Blackmore, Rangers Valley, Snake River Farms, Tajima… you’ve probably come across these names on Singapore’s steakhouse menus, and that doesn’t even scratch the surface of the plethora of options available to diners when it comes to Australian beef. Down Under’s beef production far exceeds domestic consumption, due to the small population and sheer amount of space to accommodate more farms, which means that much of their beef products are exported to countries such as Korea, Japan and the U.S.A. In contrast, the U.S. only exports about 12 percent of their beef.
Unlike producers in Japan, which tend to stick to their native breeds, Australian farmers use different species such as the Angus (from Scotland) and Hereford (from England) in order to meet market specifications and handle the diverse environments around the country. And because there’s simply more grazing land available, there’s more opportunity to raise grass-fed cattle along with grain-fed (which usually means that the cows are kept in feedlots their entire lives), giving health-conscious consumers more options and thereby welcoming another market segment. Grass-fed beef is leaner and tougher, but can offer greater dimensions of flavour when cooked well.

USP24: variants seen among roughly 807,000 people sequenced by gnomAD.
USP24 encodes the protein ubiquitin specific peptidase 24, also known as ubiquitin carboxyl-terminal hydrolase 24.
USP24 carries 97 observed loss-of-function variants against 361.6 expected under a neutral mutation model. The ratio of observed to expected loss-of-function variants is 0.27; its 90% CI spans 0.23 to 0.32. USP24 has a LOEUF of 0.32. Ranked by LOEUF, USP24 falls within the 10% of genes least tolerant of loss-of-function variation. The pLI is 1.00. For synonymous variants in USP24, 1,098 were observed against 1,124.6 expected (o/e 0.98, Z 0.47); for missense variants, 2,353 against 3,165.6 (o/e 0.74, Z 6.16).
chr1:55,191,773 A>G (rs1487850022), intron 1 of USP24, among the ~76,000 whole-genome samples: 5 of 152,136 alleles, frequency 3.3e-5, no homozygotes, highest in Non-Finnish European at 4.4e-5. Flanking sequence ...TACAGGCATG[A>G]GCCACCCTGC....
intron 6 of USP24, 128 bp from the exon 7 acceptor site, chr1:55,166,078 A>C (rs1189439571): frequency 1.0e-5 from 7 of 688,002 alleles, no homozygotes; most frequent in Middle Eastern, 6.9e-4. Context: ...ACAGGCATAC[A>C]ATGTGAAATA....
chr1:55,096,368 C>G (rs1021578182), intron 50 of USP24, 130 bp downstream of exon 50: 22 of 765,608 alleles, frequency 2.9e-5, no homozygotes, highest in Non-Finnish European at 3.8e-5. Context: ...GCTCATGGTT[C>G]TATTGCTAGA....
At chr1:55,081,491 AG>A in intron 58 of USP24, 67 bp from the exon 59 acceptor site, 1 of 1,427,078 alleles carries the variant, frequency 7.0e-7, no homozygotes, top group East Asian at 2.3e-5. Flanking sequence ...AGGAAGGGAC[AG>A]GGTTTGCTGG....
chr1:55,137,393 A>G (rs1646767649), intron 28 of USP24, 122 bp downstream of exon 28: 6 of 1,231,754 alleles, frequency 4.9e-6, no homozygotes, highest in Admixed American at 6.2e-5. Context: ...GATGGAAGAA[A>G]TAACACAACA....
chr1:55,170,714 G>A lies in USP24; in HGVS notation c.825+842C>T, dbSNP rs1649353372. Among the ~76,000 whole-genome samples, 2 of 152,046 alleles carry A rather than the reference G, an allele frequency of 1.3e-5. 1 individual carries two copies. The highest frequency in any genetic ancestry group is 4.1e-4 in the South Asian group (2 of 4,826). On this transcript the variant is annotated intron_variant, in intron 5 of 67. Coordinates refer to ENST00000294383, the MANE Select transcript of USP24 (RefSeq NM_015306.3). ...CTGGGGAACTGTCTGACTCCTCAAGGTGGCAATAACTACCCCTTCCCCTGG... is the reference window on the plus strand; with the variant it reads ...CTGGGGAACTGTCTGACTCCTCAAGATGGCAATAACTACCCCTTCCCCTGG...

What is commonly said to have led beef exports from Australia to skyrocket and the industry to flourish in the last 15 years was the outbreak of Mad Cow Disease (or BSE) around the world, particularly in the U.S. As markets such as Japan and Korea closed their doors to U.S. products overnight, it only made sense that they would look to the next closest option – Australia. The country’s beef grading system, regulated by Meat and Livestock Australia, is called Meat Standards Australia (MSA) and takes into account the meat’s colour, marbling, fat depth, carcass weight, maturity and ph to grade on a scale of 100 (no intramuscular fat) to 1190 (extreme amounts of intramuscular fat). However, restaurants around the world rarely use MSA and instead go by the simpler AUS-MEAT system, which tells diners the amount of marbling in the beef on a scale of 0 to 9 (none to most).
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